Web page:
Biró, Mihály (1886 -1948) is a Hungarian poster artist
Biró is internationally considered as the founder of the political poster art, he is world-famous for his revolutionary designs from the 1910s. His works had great impact on the next generations of poster artists and his contemporaries all over Europe and the USA.
His family was Jewish, his father changed the family name to Biró in 1895. Between 1904 and 1918 he studied at the Iparművészeti Iskola (School of Applied Arts) in Budapest. From 1908 to 1910 he travelled to Munich, Berlin, and finally to England, where he became a pupil of Charles Robert Ashbee, and won the award of “The Studio” magazine. This journey makes it quite possible, that he was inspired by the art of leftist German and English magazines (like Simplicissimus or Punch), however he has later created new artistic value in the field of political propaganda design. In the studio of Ashbee, Biró was definitely influenced by the English “Arts & Crafts” movement.
After arriving back to Budapest, he came in contact with the members of the Social Democratic Party in Hungary, and he became the leading graphic artist of their newspaper, Népszava (People’s Voice). During the 1910s, he produced his best work. In 1912, he designed a poster for the newspaper, which became his most famous work (known as the red man with hammer or red-hammer-wielding man). As a thoroughly convinced leftist artist, with a strong proletarian conscience, he has created the posters for the demonstrations for voting rights organized by the Social Democratic Party.
During World War One, Biró served on the Serbian front, where he got serious lounge and heart problems, which didn’t heal perfectly, and caused him health issues for the rest of his life. He was discharged from the military in 1917, and the same year he has designed an expressive cover for the famous German magazine “Das Plakat”. Biró has produced several war posters for war loans and charity events as well.
In 1919, after the Hungarian Soviet Republic was formed, Biró became the leading propaganda artist: he created posters, festive decorations, sculptures, etc. After the fall of the short-lived soviet regime, Biró had to flee: he was invited to Berlin by dr. Hans Sachs, who was the leading poster collector and author on poster art (founder of the Das Plakat journal). Later he worked for Austrian leftist parties, and commercial companies. In 1920, he has published his “Horthy album” about the horrors of white terror in Hungary. He also worked in Berlin, but soon he had to flee from Germany because of the Nazi threat: first to Austria, then Slovakia, and then to Paris. After the Nazi occupation of the city, he was not sent to concentration camp because of his bad physical condition. After the end of the war, in 1947, the socialist government of Hungary called him back: Biró received great honours and a villa in Buda. Because of his serious illness he was unable to accept the university position that was offered to him. He died in 1948.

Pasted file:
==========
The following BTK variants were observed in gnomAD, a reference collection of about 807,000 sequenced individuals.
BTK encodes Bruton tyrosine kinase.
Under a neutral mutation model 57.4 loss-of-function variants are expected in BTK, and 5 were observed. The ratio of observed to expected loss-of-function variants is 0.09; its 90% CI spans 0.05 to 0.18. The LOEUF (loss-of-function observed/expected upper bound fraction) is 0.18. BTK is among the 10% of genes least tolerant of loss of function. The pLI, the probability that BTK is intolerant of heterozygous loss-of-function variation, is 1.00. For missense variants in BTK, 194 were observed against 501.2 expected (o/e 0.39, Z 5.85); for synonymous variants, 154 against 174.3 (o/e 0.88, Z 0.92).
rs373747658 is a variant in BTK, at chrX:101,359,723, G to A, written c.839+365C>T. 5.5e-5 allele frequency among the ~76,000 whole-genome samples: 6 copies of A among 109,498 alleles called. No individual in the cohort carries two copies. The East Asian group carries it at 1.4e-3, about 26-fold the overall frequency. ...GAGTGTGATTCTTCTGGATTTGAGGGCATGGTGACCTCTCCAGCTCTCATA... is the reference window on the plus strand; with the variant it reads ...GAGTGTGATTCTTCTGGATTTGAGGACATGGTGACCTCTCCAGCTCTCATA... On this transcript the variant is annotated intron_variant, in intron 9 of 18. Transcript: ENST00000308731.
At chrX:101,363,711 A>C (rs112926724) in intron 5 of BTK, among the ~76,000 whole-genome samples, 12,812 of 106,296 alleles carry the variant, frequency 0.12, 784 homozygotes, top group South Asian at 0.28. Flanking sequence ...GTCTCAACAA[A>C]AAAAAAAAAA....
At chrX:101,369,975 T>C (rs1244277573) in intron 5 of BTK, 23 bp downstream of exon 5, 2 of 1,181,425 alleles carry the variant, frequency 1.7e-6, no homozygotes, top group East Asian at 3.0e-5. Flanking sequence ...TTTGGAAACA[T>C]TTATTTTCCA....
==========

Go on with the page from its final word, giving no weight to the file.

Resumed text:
Biro’s posters are defined by the secessionist or Art Noveau style of the beginning of the century. His political posters are widely considered outstanding because of their expressive power. He was able to create long-lasting, monumental symbols for political parties and ideas. He often used monumental (male) figures, which embodied a whole social class or the society itself. Biró liked to use international socialist symbols, like the red colour, the sickle and hammer etc., but he has created new symbols too, like the red clenched fist, or the red-hammer-wielding man. Red and black are the two colours that define many of his works. Biró was very versatile in his use of typography: the text on his posters often becomes an organic part of the composition.
Besides the political posters, he also had a lighter, humorous and decorative side, which is manifested in his commercial and theatre posters. Many of these posters (Palma, Unicum, Gyerünk az Edison mozgóba, Nyugat) have the same artistic value as his best propaganda designs.